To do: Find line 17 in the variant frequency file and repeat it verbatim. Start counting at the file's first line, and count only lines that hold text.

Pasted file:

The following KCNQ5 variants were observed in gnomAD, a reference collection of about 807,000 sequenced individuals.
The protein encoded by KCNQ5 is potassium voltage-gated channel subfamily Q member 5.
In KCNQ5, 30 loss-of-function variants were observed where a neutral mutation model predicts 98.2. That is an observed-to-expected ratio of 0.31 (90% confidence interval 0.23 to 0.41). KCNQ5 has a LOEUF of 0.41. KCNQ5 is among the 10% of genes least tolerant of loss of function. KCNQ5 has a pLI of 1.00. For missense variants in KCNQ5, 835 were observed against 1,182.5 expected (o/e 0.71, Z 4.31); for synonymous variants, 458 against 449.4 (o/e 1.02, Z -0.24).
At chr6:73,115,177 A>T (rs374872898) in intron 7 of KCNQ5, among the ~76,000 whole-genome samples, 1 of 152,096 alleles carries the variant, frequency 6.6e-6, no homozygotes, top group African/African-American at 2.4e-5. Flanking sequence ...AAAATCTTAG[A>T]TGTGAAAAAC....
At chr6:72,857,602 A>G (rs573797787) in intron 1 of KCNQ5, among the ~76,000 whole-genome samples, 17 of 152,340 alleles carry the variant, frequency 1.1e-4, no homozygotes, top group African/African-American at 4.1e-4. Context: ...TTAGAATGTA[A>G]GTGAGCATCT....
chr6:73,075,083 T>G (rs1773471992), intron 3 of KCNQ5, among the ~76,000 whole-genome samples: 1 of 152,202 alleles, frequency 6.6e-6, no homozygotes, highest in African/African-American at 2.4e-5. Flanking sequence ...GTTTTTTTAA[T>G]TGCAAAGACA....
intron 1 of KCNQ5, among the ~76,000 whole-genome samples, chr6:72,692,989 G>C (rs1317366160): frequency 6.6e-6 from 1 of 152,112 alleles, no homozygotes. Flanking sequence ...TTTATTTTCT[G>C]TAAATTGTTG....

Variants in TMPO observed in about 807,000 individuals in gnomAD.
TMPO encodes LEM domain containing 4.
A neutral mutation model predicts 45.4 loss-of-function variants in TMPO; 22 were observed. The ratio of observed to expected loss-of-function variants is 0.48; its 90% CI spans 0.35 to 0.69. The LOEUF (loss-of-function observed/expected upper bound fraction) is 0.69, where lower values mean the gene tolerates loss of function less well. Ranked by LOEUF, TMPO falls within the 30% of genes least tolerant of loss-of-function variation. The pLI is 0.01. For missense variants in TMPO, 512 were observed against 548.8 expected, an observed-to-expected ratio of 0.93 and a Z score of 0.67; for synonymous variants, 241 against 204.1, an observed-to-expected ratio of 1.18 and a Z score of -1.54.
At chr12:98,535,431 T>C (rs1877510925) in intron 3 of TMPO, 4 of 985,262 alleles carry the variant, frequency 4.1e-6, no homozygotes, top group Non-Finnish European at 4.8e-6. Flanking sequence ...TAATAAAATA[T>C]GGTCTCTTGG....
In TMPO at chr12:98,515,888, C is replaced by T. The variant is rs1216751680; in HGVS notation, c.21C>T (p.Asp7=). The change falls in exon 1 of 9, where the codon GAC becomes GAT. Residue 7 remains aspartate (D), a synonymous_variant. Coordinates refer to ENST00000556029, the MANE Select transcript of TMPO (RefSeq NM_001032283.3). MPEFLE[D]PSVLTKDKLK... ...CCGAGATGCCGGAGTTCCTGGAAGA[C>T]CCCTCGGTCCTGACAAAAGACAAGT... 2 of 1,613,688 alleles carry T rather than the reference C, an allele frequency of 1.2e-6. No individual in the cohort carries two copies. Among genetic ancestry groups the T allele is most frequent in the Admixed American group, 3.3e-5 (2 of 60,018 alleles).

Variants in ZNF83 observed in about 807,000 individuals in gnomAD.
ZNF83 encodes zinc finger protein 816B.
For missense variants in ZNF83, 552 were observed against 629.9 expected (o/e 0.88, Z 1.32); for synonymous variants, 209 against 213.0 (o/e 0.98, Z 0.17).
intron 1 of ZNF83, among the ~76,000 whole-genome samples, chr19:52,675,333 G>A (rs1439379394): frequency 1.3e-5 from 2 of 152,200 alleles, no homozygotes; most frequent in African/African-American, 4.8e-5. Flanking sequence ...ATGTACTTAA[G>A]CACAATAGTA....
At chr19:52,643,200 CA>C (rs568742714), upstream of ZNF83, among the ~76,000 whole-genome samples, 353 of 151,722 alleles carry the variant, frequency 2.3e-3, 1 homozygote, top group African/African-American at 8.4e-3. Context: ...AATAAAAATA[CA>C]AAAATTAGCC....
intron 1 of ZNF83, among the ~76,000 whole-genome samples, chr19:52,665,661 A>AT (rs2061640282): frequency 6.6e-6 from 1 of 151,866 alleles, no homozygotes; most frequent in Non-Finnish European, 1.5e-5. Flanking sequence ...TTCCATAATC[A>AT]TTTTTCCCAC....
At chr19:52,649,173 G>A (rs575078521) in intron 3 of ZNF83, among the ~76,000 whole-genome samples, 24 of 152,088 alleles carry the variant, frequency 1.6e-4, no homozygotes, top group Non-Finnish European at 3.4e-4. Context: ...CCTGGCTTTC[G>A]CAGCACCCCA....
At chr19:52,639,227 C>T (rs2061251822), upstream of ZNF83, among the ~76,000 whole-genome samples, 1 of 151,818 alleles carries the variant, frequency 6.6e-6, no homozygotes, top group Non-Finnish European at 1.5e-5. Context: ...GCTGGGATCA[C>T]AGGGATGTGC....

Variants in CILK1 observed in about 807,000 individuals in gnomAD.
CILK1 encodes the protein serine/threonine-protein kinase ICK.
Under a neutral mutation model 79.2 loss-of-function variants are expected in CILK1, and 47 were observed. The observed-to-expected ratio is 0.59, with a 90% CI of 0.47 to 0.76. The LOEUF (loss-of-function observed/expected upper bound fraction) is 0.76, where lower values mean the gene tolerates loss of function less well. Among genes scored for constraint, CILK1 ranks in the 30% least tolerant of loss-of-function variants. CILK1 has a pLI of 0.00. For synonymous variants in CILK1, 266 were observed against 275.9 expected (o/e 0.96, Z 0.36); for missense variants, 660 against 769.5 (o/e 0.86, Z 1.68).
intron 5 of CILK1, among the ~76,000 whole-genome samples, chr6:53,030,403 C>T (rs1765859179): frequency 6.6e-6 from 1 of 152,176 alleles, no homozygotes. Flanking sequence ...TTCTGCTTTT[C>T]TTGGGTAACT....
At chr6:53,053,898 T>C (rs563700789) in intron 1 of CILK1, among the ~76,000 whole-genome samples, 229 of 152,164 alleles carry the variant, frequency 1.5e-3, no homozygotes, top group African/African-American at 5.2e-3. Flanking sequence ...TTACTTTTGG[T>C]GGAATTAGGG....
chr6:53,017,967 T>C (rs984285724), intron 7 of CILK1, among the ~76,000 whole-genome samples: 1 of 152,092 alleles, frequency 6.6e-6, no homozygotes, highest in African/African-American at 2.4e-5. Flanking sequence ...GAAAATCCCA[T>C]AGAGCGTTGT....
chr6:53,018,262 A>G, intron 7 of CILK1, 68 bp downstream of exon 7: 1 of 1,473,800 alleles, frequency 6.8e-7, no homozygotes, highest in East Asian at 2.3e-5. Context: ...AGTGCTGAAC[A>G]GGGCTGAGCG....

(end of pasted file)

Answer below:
At chr19:52,643,200 CA>C (rs568742714), upstream of ZNF83, among the ~76,000 whole-genome samples, 353 of 151,722 alleles carry the variant, frequency 2.3e-3, 1 homozygote, top group African/African-American at 8.4e-3. Context: ...AATAAAAATA[CA>C]AAAATTAGCC....